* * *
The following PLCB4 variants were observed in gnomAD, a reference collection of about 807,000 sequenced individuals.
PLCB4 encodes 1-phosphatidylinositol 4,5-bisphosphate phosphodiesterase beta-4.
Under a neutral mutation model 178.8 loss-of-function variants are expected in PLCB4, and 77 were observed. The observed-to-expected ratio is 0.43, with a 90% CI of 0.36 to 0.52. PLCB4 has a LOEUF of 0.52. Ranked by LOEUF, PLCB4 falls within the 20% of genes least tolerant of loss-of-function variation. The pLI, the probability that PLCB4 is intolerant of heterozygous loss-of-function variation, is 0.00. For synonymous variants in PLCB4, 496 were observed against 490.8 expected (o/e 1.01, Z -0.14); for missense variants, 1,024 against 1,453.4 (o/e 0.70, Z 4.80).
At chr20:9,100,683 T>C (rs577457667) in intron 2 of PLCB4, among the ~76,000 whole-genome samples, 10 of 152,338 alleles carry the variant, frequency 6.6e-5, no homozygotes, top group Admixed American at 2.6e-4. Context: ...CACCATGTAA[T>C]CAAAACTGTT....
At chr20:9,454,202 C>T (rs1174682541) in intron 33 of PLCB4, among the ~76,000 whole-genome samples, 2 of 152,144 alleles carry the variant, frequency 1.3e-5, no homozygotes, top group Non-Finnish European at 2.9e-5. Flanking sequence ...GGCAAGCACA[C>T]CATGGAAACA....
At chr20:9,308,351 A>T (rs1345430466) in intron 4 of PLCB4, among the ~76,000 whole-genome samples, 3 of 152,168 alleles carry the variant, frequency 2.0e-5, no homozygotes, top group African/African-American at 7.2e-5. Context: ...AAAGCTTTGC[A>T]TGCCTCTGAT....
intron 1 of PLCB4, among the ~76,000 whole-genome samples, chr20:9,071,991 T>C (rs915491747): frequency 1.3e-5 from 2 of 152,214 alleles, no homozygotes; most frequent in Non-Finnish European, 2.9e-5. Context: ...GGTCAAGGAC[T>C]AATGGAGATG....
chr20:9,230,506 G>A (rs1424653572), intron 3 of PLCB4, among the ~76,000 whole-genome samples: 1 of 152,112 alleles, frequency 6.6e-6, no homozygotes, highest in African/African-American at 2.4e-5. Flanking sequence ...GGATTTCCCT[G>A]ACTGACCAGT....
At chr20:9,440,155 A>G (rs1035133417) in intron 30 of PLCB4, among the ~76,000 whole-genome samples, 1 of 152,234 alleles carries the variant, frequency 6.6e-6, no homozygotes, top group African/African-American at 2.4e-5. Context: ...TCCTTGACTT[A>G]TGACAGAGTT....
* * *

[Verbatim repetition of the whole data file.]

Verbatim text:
The following PLCB4 variants were observed in gnomAD, a reference collection of about 807,000 sequenced individuals.
PLCB4 encodes 1-phosphatidylinositol 4,5-bisphosphate phosphodiesterase beta-4.
Under a neutral mutation model 178.8 loss-of-function variants are expected in PLCB4, and 77 were observed. The observed-to-expected ratio is 0.43, with a 90% CI of 0.36 to 0.52. PLCB4 has a LOEUF of 0.52. Ranked by LOEUF, PLCB4 falls within the 20% of genes least tolerant of loss-of-function variation. The pLI, the probability that PLCB4 is intolerant of heterozygous loss-of-function variation, is 0.00. For synonymous variants in PLCB4, 496 were observed against 490.8 expected (o/e 1.01, Z -0.14); for missense variants, 1,024 against 1,453.4 (o/e 0.70, Z 4.80).
At chr20:9,100,683 T>C (rs577457667) in intron 2 of PLCB4, among the ~76,000 whole-genome samples, 10 of 152,338 alleles carry the variant, frequency 6.6e-5, no homozygotes, top group Admixed American at 2.6e-4. Context: ...CACCATGTAA[T>C]CAAAACTGTT....
At chr20:9,454,202 C>T (rs1174682541) in intron 33 of PLCB4, among the ~76,000 whole-genome samples, 2 of 152,144 alleles carry the variant, frequency 1.3e-5, no homozygotes, top group Non-Finnish European at 2.9e-5. Flanking sequence ...GGCAAGCACA[C>T]CATGGAAACA....
At chr20:9,308,351 A>T (rs1345430466) in intron 4 of PLCB4, among the ~76,000 whole-genome samples, 3 of 152,168 alleles carry the variant, frequency 2.0e-5, no homozygotes, top group African/African-American at 7.2e-5. Context: ...AAAGCTTTGC[A>T]TGCCTCTGAT....
intron 1 of PLCB4, among the ~76,000 whole-genome samples, chr20:9,071,991 T>C (rs915491747): frequency 1.3e-5 from 2 of 152,214 alleles, no homozygotes; most frequent in Non-Finnish European, 2.9e-5. Context: ...GGTCAAGGAC[T>C]AATGGAGATG....
chr20:9,230,506 G>A (rs1424653572), intron 3 of PLCB4, among the ~76,000 whole-genome samples: 1 of 152,112 alleles, frequency 6.6e-6, no homozygotes, highest in African/African-American at 2.4e-5. Flanking sequence ...GGATTTCCCT[G>A]ACTGACCAGT....
At chr20:9,440,155 A>G (rs1035133417) in intron 30 of PLCB4, among the ~76,000 whole-genome samples, 1 of 152,234 alleles carries the variant, frequency 6.6e-6, no homozygotes, top group African/African-American at 2.4e-5. Context: ...TCCTTGACTT[A>G]TGACAGAGTT....